Within minutes of taking off from Gwalior, the home-made combat jet received 1,900 kg of fuel from the IAF IL78 tanker in a successful air-to-air operation.
The refuelling was carried out at an altitude of 20,000 feet. All the internal tanks and drop tanks were refuelled to enhance the aircraft’s endurance. The aircraft was moving at a speed of 270 knots. The aircraft was piloted by Wg Cdr Siddharth Singh of the National Flight Test Centre.
“The air-to-air refueling capability for LCA is a force multiplier for the IAF, giving the aircraft the potential to stay airborne for much longer periods of time,” tweeted Defence Minister Nirmala Sitharaman.
With this, India joins the elite group of countries that have developed the Air-to-Air (AAR) system for military class of aircraft, says HAL Chairman and Managing Direct, R Madhavan.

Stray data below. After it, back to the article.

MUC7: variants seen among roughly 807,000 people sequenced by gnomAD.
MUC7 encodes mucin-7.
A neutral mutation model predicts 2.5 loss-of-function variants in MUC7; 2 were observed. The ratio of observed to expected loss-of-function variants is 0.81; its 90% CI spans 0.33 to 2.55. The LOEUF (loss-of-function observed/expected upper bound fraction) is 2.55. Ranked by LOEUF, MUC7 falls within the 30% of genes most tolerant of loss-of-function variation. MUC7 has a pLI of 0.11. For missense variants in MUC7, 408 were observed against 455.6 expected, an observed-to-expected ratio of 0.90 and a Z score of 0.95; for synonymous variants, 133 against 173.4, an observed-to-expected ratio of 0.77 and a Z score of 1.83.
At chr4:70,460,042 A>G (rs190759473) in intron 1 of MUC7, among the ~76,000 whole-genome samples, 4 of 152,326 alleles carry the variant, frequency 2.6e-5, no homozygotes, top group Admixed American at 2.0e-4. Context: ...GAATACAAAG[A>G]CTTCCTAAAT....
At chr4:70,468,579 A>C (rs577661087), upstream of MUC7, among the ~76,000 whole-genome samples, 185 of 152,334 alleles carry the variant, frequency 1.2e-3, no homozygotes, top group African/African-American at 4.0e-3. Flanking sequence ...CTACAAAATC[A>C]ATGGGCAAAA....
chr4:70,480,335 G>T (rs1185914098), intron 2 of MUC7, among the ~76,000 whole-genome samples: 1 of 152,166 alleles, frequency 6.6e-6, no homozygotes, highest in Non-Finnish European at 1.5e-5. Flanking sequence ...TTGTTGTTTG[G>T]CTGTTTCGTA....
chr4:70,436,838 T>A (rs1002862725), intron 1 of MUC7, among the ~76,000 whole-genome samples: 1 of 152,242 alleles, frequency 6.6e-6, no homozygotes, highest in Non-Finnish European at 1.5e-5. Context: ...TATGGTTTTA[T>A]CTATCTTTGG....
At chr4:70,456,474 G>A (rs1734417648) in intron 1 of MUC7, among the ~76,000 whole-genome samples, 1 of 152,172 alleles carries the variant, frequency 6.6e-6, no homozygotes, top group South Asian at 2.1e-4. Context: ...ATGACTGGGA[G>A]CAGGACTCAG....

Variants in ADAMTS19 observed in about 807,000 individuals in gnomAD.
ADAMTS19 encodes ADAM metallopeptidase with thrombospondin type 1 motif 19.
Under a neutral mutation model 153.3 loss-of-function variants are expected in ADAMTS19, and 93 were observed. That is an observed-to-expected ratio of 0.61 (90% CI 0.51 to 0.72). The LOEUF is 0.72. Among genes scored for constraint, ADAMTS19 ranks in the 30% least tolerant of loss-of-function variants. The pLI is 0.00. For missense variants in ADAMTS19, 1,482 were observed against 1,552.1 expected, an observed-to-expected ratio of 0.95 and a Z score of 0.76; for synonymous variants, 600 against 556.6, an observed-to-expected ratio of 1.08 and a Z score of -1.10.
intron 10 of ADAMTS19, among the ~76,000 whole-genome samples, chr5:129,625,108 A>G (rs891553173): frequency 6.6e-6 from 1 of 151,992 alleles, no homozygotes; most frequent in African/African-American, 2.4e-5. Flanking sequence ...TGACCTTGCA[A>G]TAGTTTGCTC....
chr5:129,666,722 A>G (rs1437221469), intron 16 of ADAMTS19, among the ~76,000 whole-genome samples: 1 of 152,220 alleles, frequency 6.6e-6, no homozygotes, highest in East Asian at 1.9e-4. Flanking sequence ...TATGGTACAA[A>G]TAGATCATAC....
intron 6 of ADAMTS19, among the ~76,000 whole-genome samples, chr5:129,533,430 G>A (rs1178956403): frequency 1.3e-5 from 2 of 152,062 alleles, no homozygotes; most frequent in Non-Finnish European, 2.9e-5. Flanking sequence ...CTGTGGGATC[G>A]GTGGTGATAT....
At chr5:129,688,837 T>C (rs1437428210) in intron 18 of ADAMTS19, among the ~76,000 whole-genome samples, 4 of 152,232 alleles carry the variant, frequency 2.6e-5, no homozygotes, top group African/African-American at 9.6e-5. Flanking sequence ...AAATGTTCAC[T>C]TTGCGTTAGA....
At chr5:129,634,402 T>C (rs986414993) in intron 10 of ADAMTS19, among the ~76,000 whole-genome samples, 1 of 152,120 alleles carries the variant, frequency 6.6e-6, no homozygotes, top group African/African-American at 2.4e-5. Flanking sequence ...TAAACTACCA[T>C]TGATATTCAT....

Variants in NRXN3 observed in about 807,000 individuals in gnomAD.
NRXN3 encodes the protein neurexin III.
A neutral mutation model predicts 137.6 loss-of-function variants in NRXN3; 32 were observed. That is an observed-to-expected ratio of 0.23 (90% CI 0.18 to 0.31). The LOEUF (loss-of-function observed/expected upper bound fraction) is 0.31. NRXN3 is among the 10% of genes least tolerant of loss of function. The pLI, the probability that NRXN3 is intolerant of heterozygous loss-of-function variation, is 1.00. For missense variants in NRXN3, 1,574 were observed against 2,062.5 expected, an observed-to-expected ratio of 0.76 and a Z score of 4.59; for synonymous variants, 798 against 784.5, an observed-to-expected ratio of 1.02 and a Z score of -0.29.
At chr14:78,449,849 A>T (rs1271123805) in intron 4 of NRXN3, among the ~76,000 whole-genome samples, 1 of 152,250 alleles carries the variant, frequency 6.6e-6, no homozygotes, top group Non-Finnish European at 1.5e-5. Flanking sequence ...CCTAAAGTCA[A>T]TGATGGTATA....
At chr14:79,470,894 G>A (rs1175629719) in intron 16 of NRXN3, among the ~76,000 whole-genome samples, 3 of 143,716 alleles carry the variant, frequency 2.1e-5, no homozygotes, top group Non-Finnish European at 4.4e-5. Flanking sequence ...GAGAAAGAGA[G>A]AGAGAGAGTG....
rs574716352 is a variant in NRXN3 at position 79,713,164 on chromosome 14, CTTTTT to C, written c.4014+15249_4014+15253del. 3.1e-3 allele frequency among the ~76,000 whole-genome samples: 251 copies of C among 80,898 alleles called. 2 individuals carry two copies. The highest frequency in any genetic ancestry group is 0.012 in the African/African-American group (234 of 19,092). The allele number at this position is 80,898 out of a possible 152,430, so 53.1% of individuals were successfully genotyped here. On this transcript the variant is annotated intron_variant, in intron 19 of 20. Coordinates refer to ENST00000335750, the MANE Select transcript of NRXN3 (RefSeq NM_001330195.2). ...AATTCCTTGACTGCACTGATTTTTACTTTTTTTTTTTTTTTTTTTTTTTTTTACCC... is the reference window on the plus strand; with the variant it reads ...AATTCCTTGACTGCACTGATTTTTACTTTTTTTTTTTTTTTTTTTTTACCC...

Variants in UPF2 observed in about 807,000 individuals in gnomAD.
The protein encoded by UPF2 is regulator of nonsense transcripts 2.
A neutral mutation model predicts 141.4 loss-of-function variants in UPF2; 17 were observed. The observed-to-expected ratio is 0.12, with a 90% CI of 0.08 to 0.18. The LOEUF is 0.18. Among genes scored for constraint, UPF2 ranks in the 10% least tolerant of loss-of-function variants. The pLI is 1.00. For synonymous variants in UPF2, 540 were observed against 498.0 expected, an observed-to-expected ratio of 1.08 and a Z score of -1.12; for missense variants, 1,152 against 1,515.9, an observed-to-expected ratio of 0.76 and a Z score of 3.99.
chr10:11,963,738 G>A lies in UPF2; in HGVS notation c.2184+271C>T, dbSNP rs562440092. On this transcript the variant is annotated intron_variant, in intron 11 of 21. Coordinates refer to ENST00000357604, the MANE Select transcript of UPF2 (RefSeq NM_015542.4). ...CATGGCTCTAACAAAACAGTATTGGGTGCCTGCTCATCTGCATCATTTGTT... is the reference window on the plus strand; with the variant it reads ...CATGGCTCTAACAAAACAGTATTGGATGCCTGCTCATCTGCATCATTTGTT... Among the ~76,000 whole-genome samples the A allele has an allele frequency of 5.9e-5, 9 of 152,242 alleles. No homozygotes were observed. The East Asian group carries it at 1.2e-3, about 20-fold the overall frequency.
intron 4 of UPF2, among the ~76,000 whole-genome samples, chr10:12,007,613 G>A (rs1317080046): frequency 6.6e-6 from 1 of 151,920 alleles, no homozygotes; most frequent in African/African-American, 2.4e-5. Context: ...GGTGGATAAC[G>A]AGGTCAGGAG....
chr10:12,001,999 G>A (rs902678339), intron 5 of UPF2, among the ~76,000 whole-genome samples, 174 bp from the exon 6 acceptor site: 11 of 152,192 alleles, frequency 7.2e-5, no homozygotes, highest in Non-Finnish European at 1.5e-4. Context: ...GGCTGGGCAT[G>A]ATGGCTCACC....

The enhanced range and endurance is expected to provide IAF a host of options in exploiting the operational potential of the LCA as well as to participate in international exercises without having to stage through several locations en-route.
The refueling, explained an officer, would allow a take-off with higher payload, which could be extra weapons too. “The maximum take-off weight is maintained by carrying less fuel and topping up once the aircraft is air borne,” he said.
It would enable the Tejas aircraft to undertake multi-role missions, both for air defence and strike, the officer pointed out.
Before the ‘wet contact’ trial, the ‘dry contact trials’ were successfully conducted twice on September 4 and 6, where the Drogue (basket) extended from the IAF tanker aircraft by a fuel hose, was tracked and plugged into using the aircraft refuelling probe without taking fuel.
Hindustan Aeronautics Limited and Aeronautical Development Agency have pushed the target date for the Final Operational Clearance sometimes in the middle of 2019. The deadline is years beyond the original schedule and the last target deadline in June 2018 was missed.